Friday, May 4, 2012

Blogging for Conserving Biological Diversity: Connecting People to Nature

Blogging on a subject like biodiversity, I have learnt my lessons. There are experts, volunteers, wildlife enthusiasts, they all have their own levels of passion and involvement. Their knowledge and expertise are valuable to conserve biodiversity. But, is it possible to achieve the objective unless we involve the general public or the masses?

Conservation of biological diversity, in true sense, can be achieved only after reaching a certain level of understanding of its importance in the mind of the general population. The knowledge acquired by experts through research, expeditions, surveys, etc. remains confined to domains of personal expertise and in the annals of scientific literature, so useful for formulating guidelines, policies, projects for further research, etc.

The real benefit of scientific research emerges when the common citizens get informed and educated about the importance of the subject. Though the common citizens are some what involved in the subject, due to the reasons of our mutual interdependence, but the masses are not aware of the connections that exist in the variety of foods (be it plant or animal driven), the climate, the flora and fauna, the geography. They are sometime unaware of the finer links that lead to food productivity in a region. For example, killing some insects which carry out pollination can lead to low productivity of  crops, fruits or honey.,

What does the loss of a species, a bird, an insect or a fish in the oceans, means. The populations of a species can fluctuate round a year but should not reach levels where extinctions become imminent. The common masses have to be sensitized about the importance of biological diversity, though they may not better appreciate their scientific and economic importance, but may be facinated by outwardly appearance and awesome beauty, adaptation, shape, size or forms.

The first lesson to conserve biological diversity is the  necessity to understand the importance of  mutual existence and respect for all life. Does the sight of a snake or a scorpion frighten you and your reaction is to kill. Or, you stand and watch its colour, size, and are excited to identify the species, whether it is poisonous or non-poisonous, what is its habitat, are there more of it nearby! And ultimately let it go unharmed!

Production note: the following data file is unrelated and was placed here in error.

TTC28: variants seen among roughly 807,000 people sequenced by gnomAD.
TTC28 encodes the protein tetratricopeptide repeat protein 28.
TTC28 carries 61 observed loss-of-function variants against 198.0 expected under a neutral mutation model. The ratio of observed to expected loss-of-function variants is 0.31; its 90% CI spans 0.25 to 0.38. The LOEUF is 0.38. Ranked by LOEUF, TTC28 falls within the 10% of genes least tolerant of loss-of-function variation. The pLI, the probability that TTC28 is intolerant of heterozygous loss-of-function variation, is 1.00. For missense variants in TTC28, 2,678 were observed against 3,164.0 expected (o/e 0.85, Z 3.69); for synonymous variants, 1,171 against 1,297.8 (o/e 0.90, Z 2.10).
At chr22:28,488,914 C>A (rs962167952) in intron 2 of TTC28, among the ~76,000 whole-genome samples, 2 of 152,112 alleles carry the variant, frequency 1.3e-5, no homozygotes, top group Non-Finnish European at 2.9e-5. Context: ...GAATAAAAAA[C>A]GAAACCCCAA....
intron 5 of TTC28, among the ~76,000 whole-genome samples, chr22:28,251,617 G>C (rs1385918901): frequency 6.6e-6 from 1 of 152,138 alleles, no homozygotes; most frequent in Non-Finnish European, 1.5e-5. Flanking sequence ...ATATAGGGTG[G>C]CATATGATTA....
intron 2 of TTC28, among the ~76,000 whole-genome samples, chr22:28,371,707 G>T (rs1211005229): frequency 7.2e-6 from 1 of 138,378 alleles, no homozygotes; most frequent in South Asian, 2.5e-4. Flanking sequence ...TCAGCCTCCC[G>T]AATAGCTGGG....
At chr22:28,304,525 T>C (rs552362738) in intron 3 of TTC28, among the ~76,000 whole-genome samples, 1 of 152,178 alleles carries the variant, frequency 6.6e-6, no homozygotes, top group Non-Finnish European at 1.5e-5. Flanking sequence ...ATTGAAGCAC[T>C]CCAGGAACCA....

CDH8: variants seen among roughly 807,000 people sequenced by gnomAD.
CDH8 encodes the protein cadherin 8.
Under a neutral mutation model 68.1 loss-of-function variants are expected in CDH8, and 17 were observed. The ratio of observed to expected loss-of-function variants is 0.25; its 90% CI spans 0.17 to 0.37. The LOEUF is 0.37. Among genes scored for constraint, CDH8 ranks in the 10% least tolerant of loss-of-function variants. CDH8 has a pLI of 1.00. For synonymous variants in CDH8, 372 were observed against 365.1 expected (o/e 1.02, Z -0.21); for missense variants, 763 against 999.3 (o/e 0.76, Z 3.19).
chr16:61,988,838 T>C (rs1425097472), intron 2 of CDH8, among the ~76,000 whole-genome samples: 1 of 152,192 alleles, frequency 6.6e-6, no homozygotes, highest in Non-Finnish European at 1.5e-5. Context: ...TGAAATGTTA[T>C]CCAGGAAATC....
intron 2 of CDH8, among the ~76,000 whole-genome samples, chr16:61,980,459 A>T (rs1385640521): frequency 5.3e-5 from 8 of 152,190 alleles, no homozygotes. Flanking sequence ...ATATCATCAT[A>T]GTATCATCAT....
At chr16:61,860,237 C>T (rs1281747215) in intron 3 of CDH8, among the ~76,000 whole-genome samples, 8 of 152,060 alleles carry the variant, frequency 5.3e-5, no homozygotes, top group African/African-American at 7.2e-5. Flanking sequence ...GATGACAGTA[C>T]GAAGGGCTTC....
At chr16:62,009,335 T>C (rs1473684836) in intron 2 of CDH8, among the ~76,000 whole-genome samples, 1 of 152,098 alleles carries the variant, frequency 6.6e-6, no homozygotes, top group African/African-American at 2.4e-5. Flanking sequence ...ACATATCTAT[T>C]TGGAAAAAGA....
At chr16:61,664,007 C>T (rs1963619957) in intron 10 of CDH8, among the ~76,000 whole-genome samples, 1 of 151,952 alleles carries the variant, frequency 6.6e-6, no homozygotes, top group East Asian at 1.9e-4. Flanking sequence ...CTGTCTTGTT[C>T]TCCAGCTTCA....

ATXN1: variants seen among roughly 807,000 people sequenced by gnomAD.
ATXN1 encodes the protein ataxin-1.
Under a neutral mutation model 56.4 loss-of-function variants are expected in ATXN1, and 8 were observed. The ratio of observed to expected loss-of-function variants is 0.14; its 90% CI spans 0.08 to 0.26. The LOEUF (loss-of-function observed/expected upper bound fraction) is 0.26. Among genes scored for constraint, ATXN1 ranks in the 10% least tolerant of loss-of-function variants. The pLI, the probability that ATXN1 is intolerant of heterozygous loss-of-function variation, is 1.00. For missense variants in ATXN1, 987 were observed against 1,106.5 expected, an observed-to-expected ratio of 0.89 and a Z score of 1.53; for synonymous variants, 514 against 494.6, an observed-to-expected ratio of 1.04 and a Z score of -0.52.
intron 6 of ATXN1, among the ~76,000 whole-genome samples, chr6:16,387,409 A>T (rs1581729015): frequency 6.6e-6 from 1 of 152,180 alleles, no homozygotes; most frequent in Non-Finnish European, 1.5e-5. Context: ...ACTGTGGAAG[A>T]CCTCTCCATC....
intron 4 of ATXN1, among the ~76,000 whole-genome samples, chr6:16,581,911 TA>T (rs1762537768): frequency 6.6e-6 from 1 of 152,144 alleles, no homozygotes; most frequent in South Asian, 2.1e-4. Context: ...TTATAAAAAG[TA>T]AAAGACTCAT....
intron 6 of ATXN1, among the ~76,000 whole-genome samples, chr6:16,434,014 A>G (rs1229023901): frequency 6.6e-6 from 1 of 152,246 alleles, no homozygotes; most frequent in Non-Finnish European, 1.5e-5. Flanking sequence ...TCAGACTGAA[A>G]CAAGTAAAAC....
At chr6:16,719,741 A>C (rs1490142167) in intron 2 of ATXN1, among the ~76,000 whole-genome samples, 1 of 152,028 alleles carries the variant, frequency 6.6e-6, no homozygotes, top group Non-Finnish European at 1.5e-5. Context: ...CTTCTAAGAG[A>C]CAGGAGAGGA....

There were some labourers' huts nearby, they never killed scorpions though they were there in plenty, in their surroundings.They will simply pick them and leave at some distance in the forest.  I never heard their children playing in the soil having been stung by the arachnid. Their belief is that if they kill snakes and scorpions they will be stung more often, otherwise not. What a mutual and respectful coexistence. True they still reconcile to mutual survival.

                                                                                                                                   Photo by: Zaka Imam
                Children playing unmindful of scorpions in the surrounding area.

Shortly I will give this blog a new flavour keeping in mind the interests of  the common people as well as the experts, if they wish to share their work. We will soon have posts on gardening, trekking, bird watching, bee-keeping, sericulture, backyard pharmacy, etc. Such subjects I believe will connect people to the subject and allow them appreciate the importance of biological diversity and need to conserve it.

Our backyard garden is, in fact, the first classroom for understanding form and variety of the living forms around and help in understanding concepts in the study of biological diversity. Just count how many types of lives are existing in our backyard garden, and in our homes: lizards, cockroaches, ants, crickets, centipedes, mosquitoes, bed bugs, lice, snakes, birds, etc. Can you identify or find their common names, and more particularly, their scientific names, species, and the family? Try it. And you will love them all.

Biological diversity provides a huge scientific resource, a bank of unlimited number of genes coding for unlimited number of substances, many being potential drugs, future resource for new foods, materials of unexplored attributes, etc.

Writing this post I am reminded of two masters who touched my heart and sole, Charles Darwin, who proposed the theory of evolution and Libbie Henrietta Hyman the great American zoologist, who produced creditable work on invertebrates. Such wonderful people remind you, and touch your heart. Because they worked with real passion, tirelessly. And such unparallell work makes scientific pursuits respectable, and motivates generations of researchers and scholars.

Over a period of time this blog will be changing drastically bringing more valuable information to readers: projecting biodiversity of life in its true relationship with man! Establishing and highlighting all connections that man is surrounded with but does not fully appreciate.

This blog, I hope, will find its place it aims to achieve: conservation of biological diversity by connecting to people, no matter how little in measure!

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